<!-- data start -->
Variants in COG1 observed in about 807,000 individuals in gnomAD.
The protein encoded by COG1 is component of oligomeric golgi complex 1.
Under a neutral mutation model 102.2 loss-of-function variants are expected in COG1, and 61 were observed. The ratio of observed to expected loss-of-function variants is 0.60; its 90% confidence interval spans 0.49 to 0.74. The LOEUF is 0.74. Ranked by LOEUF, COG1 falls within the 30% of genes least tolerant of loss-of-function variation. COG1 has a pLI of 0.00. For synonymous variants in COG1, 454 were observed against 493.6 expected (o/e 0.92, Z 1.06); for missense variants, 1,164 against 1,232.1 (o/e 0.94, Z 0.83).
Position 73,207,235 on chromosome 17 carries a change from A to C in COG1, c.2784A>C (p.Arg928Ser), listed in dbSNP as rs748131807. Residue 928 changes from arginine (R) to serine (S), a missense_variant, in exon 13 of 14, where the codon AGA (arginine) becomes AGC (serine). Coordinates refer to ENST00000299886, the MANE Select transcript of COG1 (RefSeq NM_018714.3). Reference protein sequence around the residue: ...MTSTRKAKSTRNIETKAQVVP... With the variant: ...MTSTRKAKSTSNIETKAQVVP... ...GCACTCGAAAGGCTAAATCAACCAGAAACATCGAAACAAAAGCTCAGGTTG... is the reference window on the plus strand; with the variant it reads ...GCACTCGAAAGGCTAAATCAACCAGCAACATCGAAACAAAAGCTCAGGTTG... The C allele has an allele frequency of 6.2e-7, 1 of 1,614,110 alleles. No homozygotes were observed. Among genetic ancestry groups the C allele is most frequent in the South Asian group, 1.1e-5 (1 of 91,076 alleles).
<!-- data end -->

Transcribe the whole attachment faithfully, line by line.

Variants in COG1 observed in about 807,000 individuals in gnomAD.
The protein encoded by COG1 is component of oligomeric golgi complex 1.
Under a neutral mutation model 102.2 loss-of-function variants are expected in COG1, and 61 were observed. The ratio of observed to expected loss-of-function variants is 0.60; its 90% confidence interval spans 0.49 to 0.74. The LOEUF is 0.74. Ranked by LOEUF, COG1 falls within the 30% of genes least tolerant of loss-of-function variation. COG1 has a pLI of 0.00. For synonymous variants in COG1, 454 were observed against 493.6 expected (o/e 0.92, Z 1.06); for missense variants, 1,164 against 1,232.1 (o/e 0.94, Z 0.83).
Position 73,207,235 on chromosome 17 carries a change from A to C in COG1, c.2784A>C (p.Arg928Ser), listed in dbSNP as rs748131807. Residue 928 changes from arginine (R) to serine (S), a missense_variant, in exon 13 of 14, where the codon AGA (arginine) becomes AGC (serine). Coordinates refer to ENST00000299886, the MANE Select transcript of COG1 (RefSeq NM_018714.3). Reference protein sequence around the residue: ...MTSTRKAKSTRNIETKAQVVP... With the variant: ...MTSTRKAKSTSNIETKAQVVP... ...GCACTCGAAAGGCTAAATCAACCAGAAACATCGAAACAAAAGCTCAGGTTG... is the reference window on the plus strand; with the variant it reads ...GCACTCGAAAGGCTAAATCAACCAGCAACATCGAAACAAAAGCTCAGGTTG... The C allele has an allele frequency of 6.2e-7, 1 of 1,614,110 alleles. No homozygotes were observed. Among genetic ancestry groups the C allele is most frequent in the South Asian group, 1.1e-5 (1 of 91,076 alleles).